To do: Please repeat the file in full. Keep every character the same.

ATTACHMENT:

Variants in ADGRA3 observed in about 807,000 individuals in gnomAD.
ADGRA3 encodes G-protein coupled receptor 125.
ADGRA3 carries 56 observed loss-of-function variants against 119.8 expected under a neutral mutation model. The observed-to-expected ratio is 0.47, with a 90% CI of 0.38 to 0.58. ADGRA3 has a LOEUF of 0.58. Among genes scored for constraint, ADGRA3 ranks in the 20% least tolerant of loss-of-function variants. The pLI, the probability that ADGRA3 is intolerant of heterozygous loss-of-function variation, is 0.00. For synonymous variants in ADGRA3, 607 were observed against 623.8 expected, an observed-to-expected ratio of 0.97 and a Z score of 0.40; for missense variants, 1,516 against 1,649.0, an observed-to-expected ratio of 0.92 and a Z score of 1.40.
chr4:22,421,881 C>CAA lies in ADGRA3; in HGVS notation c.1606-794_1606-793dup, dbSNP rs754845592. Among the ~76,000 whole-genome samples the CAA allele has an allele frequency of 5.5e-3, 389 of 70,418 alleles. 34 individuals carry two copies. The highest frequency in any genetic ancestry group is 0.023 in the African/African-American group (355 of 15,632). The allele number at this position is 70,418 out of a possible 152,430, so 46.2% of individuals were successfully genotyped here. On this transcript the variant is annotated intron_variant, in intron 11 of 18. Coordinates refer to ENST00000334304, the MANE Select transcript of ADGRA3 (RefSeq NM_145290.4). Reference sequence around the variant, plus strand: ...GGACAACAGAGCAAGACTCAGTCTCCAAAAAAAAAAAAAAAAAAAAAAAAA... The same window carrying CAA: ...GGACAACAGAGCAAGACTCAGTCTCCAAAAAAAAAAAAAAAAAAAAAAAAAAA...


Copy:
Variants in ADGRA3 observed in about 807,000 individuals in gnomAD.
ADGRA3 encodes G-protein coupled receptor 125.
ADGRA3 carries 56 observed loss-of-function variants against 119.8 expected under a neutral mutation model. The observed-to-expected ratio is 0.47, with a 90% CI of 0.38 to 0.58. ADGRA3 has a LOEUF of 0.58. Among genes scored for constraint, ADGRA3 ranks in the 20% least tolerant of loss-of-function variants. The pLI, the probability that ADGRA3 is intolerant of heterozygous loss-of-function variation, is 0.00. For synonymous variants in ADGRA3, 607 were observed against 623.8 expected, an observed-to-expected ratio of 0.97 and a Z score of 0.40; for missense variants, 1,516 against 1,649.0, an observed-to-expected ratio of 0.92 and a Z score of 1.40.
chr4:22,421,881 C>CAA lies in ADGRA3; in HGVS notation c.1606-794_1606-793dup, dbSNP rs754845592. Among the ~76,000 whole-genome samples the CAA allele has an allele frequency of 5.5e-3, 389 of 70,418 alleles. 34 individuals carry two copies. The highest frequency in any genetic ancestry group is 0.023 in the African/African-American group (355 of 15,632). The allele number at this position is 70,418 out of a possible 152,430, so 46.2% of individuals were successfully genotyped here. On this transcript the variant is annotated intron_variant, in intron 11 of 18. Coordinates refer to ENST00000334304, the MANE Select transcript of ADGRA3 (RefSeq NM_145290.4). Reference sequence around the variant, plus strand: ...GGACAACAGAGCAAGACTCAGTCTCCAAAAAAAAAAAAAAAAAAAAAAAAA... The same window carrying CAA: ...GGACAACAGAGCAAGACTCAGTCTCCAAAAAAAAAAAAAAAAAAAAAAAAAAA...